How do you increase engagement in your elementary classroom? Do you use game boards to increase engagement?
That bored look. I know you’re familiar with it, too. You can just see them thinking,
“I already know this.”
“Practicing this is boring.”
“I want my iPad.”
“It’s not FUN!”
Getting kids to truly enjoy and look forward to practicing skills can be quite the teacher-task!
To increase engagement, bring on the game boards!
I started using game boards as a way to get my kids to practice skills in a fun way, without boredom, and without “those looks”.
My students loooved them! The game boards increased engagement and learning immediately!
When given the task of practicing math skills and problems, kids moaned and groaned. When given a game board to practice the same skills, there were cheers!
They had so much fun “playing” with a partner, challenging and checking each other that they didn’t even realize they were learning . . . actually doing the same thing that they had dreaded before!
Using game boards to increase engagement in my classroom was a game-changer. They have always been a huge hit. When students are playing games, I can even work on social skills at the same time we’re practicing and learning. Perfect!
TIPS AND IDEAS FOR USING GAME BOARDS IN YOUR CLASSROOM
- Copy each game board on white cardstock and laminate for durability.
- Use game boards during centers/workstations, math workshop, small groups, and during whole group instruction.
- Let each pair/group of students choose their gameboard. This gives them a feeling of choice. But, make sure you have enough copies of game boards easily available so students do not interrupt you during this time.
- Use your gameboards for:
- Task Cards for any subject
To use game boards with worksheets:
- Each player works on the same question at the same time.
- They check each others’ work and agree on an answer, discussing any incorrect answers and why they are incorrect. This utilizes cooperative learning and encourages students to use math language all at the same time! Students love teaching each other and learning from their peers is motivation all on its own!
- Then each player with the correct answer rolls the dice or spins the spinner and moves that number of spaces.
- This puts a whole new “spin” on doing worksheets. The kids check their own work (Hooray for fewer papers for you to check!), get immediate feedback, and suddenly doing a worksheet is interactive and FUN!
To use game boards with task cards and flashcards:
- Turn the task cards upside down in a stack and place them in an empty space on the game board or in a space between players.
- Each player rolls a die or spins a spinner. The player with the lowest number goes first.
- The first player draws the top card from the stack.
- All players answer the card on individual whiteboards or in their math journals. Teacher Tip: It is helpful to have task cards numbered. If there are questions during play, students can go back to specific questions. Or if there is an answer key for the task cards, after getting their own answer, students can check their answers using the answer key. This is a double-double check and reinforces the correct answer.
- Players check each others’ answers and discuss any incorrect answers and why they are incorrect. As when using game boards with worksheets, this is very helpful. It encourages “math talk” and a feeling of community and helpfulness in your classroom. When players agree on a correct answer for the card drawn, the player who drew the card rolls the dice or spins the spinner and moves that number of spaces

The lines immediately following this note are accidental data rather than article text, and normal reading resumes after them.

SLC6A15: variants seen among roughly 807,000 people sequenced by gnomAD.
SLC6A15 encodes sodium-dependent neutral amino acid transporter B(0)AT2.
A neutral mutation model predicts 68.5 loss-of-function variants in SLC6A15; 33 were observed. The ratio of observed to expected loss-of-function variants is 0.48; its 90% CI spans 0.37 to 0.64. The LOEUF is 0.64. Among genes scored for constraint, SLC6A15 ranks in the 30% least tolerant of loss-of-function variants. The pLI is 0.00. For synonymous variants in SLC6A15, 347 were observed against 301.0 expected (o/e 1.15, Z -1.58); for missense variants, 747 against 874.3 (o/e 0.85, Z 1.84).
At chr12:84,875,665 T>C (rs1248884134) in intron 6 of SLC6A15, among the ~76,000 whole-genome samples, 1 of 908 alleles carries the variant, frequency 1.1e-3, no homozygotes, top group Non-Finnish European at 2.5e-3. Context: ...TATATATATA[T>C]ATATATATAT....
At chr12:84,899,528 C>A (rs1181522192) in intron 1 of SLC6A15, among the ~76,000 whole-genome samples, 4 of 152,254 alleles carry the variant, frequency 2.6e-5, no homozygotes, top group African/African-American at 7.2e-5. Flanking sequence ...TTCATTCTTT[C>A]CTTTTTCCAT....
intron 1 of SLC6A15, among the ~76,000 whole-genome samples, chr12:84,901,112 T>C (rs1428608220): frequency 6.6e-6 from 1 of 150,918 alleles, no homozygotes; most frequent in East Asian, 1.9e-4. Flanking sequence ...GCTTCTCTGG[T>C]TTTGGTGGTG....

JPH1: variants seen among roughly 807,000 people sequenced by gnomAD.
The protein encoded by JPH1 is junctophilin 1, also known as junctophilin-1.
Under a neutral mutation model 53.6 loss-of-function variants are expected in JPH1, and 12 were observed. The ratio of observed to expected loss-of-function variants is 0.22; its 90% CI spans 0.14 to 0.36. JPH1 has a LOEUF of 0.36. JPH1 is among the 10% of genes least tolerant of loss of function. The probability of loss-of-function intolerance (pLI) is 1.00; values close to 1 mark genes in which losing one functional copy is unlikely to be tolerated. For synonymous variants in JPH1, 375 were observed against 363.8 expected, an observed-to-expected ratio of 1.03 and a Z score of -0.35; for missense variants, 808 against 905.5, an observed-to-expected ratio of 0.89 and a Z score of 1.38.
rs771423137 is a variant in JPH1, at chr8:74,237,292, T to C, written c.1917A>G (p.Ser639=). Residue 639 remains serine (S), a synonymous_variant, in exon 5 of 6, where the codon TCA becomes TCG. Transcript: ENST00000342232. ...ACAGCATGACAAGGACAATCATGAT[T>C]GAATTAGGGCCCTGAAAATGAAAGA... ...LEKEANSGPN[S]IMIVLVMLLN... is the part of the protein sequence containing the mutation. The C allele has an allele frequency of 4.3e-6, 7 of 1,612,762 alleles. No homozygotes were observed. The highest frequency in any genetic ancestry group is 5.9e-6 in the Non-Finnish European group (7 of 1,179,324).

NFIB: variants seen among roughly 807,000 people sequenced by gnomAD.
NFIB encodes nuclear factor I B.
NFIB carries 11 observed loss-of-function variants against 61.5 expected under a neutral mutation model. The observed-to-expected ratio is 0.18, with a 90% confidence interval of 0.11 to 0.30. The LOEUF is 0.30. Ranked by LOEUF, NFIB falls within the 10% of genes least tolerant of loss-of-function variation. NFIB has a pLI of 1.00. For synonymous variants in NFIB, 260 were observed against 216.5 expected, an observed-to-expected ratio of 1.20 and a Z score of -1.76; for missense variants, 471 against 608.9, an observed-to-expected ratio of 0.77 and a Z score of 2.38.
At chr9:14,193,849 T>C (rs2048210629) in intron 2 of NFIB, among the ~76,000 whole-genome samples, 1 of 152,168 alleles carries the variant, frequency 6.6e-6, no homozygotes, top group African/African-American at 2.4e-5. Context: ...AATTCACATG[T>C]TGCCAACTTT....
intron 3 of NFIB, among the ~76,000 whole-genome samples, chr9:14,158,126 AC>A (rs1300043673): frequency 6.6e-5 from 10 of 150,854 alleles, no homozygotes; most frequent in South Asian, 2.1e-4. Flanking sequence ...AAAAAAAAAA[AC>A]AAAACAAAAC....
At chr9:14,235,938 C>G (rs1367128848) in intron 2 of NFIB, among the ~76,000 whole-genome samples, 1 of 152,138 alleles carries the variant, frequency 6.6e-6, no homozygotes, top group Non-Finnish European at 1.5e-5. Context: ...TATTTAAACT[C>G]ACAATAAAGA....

Materials Needed for Game Board Play:
- 1 or 2 dice depending on needs. If you want students to practice addition skills, have them roll two dice and find the total. Also, to play a shorter game, have students roll two dice and move farther on each turn.
- Instead of always using dice, also have spinners available. This keeps your games versatile.
- The game pieces students use can be counters, seasonal erasers, or simply a penny and a dime. You can also use old game pieces from old game boards, or find inexpensive bags of them at a local dollar store. Letting students choose their game pieces adds to the fun.
- Keep the directions for using the game boards simple and the same no matter how you’re using them. Then students can use the game boards independently for any concept or skill without having to learn new instruction each time.
- Part of your directions should be that all players solve all problems. This prevents some students from just sitting until it’s their turn.
- Students can solve the problems on whiteboards, in their math journal, or just on notebook paper.
Students learn how to assess and evaluate their work and their classmates’ work in a positive format. You will hear them repeating many of your own words so-o-o, make sure to occasionally listen in. You may be surprised by what you’ve taught them. FUN!
Your task cards and worksheets become a cooperative learning tool. Students will be excited to answer the questions and play with a math buddy.
Watch as a positive feeling of a math community is promoted and math attitudes are improved!
Because game boards increase engagement and keep practice fun, you will never see that “bored”, “Do I have to?” face again! Add the FUN into all aspects of your classroom by implementing these ideas and game boards into your teaching. You’ll be so-o-o-o very glad that you did! 🤓
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